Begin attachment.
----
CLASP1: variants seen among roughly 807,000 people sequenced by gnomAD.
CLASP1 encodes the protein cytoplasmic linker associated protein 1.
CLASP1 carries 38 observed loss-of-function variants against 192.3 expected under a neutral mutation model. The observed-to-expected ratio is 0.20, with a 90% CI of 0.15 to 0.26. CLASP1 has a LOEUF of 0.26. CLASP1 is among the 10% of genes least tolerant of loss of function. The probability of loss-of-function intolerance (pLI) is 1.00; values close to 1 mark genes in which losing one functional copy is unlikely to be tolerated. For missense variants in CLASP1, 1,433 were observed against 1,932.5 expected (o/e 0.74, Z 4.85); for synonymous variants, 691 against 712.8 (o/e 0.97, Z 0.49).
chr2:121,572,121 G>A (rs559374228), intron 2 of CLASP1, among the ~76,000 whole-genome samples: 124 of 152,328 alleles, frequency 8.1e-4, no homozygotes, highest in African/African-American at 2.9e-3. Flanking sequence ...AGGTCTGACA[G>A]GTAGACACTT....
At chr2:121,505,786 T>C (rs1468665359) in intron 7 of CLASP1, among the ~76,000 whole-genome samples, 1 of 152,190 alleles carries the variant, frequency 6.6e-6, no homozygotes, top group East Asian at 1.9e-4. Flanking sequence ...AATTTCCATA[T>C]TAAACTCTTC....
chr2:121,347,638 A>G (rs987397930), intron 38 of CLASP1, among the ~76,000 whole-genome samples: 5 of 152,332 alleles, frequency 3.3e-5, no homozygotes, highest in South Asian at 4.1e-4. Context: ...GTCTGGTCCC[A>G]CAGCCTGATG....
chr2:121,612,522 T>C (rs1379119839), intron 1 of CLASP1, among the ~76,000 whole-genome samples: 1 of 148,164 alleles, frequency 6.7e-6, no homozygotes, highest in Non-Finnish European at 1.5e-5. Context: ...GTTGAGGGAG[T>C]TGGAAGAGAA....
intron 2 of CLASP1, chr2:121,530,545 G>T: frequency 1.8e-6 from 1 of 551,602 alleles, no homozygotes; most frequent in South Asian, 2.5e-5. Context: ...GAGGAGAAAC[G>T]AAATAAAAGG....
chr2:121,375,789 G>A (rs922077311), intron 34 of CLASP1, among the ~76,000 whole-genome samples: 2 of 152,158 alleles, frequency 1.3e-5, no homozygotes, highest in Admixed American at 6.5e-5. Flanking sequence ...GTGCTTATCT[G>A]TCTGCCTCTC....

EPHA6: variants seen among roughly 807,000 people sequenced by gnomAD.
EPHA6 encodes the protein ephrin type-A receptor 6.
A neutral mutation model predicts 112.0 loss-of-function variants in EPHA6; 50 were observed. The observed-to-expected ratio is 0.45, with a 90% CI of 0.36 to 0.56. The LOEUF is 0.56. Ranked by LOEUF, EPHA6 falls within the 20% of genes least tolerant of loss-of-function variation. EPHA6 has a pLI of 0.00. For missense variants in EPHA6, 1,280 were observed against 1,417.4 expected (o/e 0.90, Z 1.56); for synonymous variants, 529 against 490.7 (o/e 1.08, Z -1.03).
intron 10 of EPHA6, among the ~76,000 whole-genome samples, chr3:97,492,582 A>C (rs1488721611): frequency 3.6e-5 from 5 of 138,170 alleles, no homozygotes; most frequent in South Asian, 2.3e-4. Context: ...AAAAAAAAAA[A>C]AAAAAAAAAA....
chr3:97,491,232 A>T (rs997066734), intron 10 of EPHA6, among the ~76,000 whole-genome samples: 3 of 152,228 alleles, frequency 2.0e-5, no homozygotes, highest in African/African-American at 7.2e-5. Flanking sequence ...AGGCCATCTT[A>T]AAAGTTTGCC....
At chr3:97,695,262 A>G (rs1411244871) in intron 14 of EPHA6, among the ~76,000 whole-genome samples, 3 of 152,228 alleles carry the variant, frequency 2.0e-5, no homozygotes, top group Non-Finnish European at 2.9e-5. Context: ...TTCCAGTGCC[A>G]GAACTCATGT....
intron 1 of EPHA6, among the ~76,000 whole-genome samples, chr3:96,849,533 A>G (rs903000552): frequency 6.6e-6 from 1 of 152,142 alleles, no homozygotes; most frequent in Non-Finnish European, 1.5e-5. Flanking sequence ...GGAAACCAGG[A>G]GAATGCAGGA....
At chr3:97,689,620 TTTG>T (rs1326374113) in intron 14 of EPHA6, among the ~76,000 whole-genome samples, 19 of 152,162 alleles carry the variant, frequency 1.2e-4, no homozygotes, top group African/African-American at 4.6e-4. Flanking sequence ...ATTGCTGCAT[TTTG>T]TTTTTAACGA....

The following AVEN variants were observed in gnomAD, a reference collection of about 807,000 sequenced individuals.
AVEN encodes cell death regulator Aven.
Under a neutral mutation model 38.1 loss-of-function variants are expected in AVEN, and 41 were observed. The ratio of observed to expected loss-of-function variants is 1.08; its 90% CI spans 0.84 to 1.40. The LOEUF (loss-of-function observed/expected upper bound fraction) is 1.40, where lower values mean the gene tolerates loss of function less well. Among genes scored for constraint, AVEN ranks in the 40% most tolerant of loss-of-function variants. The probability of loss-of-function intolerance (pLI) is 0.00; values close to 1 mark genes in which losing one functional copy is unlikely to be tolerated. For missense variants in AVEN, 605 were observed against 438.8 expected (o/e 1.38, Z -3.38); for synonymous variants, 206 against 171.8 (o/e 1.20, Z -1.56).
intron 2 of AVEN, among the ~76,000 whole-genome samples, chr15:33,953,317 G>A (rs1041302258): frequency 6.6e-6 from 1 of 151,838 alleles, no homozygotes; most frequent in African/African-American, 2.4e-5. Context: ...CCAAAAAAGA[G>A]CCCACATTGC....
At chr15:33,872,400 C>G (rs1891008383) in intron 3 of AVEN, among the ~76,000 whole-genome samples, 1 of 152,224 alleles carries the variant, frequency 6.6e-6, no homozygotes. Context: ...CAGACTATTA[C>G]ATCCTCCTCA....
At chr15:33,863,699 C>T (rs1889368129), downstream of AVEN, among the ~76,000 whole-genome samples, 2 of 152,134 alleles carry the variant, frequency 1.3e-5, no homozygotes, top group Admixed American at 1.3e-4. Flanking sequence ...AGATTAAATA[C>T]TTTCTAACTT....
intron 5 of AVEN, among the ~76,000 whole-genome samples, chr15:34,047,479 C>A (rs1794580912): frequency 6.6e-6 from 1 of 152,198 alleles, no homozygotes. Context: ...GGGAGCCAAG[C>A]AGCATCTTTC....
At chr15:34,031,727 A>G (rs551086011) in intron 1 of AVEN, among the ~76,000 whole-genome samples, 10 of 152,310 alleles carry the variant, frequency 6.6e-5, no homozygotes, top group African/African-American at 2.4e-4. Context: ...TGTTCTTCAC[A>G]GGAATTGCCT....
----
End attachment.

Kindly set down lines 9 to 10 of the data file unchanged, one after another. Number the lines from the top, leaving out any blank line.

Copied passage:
chr2:121,375,789 G>A (rs922077311), intron 34 of CLASP1, among the ~76,000 whole-genome samples: 2 of 152,158 alleles, frequency 1.3e-5, no homozygotes, highest in Admixed American at 6.5e-5. Flanking sequence ...GTGCTTATCT[G>A]TCTGCCTCTC....

EPHA6: variants seen among roughly 807,000 people sequenced by gnomAD.